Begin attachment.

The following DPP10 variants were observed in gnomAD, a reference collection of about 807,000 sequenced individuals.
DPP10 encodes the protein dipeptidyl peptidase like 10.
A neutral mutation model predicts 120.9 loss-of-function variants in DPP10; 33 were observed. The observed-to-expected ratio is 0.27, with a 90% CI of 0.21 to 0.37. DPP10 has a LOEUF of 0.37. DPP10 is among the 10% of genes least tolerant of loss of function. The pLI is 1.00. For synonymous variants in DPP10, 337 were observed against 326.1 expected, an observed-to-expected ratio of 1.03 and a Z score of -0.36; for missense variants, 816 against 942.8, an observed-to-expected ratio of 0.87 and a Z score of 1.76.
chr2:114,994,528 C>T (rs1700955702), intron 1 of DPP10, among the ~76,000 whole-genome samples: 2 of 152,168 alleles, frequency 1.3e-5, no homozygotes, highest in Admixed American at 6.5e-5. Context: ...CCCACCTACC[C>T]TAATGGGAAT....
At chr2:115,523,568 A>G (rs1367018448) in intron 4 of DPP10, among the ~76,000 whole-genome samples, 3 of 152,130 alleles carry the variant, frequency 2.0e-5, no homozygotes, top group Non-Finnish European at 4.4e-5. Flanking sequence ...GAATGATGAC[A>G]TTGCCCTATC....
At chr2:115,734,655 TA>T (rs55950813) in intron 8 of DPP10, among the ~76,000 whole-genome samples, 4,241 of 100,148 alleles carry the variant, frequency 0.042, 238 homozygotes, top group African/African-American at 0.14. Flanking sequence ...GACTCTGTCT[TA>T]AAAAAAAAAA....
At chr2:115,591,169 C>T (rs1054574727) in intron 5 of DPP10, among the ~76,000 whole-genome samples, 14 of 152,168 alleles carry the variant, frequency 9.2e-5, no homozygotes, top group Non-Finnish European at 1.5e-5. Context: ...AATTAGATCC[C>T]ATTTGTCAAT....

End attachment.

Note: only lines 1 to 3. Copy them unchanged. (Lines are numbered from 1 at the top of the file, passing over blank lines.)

The following DPP10 variants were observed in gnomAD, a reference collection of about 807,000 sequenced individuals.
DPP10 encodes the protein dipeptidyl peptidase like 10.
A neutral mutation model predicts 120.9 loss-of-function variants in DPP10; 33 were observed. The observed-to-expected ratio is 0.27, with a 90% CI of 0.21 to 0.37. DPP10 has a LOEUF of 0.37. DPP10 is among the 10% of genes least tolerant of loss of function. The pLI is 1.00. For synonymous variants in DPP10, 337 were observed against 326.1 expected, an observed-to-expected ratio of 1.03 and a Z score of -0.36; for missense variants, 816 against 942.8, an observed-to-expected ratio of 0.87 and a Z score of 1.76.